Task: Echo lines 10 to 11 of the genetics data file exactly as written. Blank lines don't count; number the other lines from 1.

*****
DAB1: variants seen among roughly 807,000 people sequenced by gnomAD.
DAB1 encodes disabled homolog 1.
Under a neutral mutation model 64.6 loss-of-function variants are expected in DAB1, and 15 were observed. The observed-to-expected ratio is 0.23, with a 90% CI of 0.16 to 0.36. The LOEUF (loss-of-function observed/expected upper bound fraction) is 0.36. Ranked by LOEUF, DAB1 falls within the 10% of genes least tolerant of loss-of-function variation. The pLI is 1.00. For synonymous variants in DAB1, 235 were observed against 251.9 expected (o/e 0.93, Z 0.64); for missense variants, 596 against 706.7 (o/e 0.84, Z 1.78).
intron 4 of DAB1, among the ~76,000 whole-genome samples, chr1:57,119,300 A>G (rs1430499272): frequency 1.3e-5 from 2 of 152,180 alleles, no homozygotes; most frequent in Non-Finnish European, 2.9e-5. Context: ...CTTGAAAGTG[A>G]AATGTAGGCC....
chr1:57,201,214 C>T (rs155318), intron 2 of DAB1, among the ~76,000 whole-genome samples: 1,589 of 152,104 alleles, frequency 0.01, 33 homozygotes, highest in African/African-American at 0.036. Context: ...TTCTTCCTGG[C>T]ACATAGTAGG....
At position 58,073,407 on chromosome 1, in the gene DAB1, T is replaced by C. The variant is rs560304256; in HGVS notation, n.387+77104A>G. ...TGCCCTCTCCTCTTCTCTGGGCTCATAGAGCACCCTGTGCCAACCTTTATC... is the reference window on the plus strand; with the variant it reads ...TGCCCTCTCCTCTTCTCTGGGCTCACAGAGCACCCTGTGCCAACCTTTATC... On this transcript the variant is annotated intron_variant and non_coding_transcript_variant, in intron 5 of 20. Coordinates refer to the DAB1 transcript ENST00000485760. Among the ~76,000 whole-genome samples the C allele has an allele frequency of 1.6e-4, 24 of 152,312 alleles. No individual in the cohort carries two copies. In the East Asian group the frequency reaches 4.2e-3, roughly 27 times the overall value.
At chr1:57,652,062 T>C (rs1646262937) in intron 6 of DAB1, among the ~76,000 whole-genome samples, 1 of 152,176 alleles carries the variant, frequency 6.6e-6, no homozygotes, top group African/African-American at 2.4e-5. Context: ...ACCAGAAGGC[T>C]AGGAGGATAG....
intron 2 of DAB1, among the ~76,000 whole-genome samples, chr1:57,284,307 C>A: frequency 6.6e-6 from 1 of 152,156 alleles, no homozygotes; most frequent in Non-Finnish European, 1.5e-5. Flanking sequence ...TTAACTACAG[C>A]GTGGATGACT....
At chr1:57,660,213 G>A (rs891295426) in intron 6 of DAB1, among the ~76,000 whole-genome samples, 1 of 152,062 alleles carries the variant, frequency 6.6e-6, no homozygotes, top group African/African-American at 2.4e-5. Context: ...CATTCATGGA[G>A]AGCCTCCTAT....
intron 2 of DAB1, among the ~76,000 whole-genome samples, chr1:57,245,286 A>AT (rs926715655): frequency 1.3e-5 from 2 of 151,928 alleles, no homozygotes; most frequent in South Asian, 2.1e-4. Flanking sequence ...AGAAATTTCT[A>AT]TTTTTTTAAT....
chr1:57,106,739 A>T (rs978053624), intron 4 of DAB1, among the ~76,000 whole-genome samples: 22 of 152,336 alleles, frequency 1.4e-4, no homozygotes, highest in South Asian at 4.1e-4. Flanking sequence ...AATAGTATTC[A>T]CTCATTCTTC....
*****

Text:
intron 2 of DAB1, among the ~76,000 whole-genome samples, chr1:57,245,286 A>AT (rs926715655): frequency 1.3e-5 from 2 of 151,928 alleles, no homozygotes; most frequent in South Asian, 2.1e-4. Flanking sequence ...AGAAATTTCT[A>AT]TTTTTTTAAT....
chr1:57,106,739 A>T (rs978053624), intron 4 of DAB1, among the ~76,000 whole-genome samples: 22 of 152,336 alleles, frequency 1.4e-4, no homozygotes, highest in South Asian at 4.1e-4. Flanking sequence ...AATAGTATTC[A>T]CTCATTCTTC....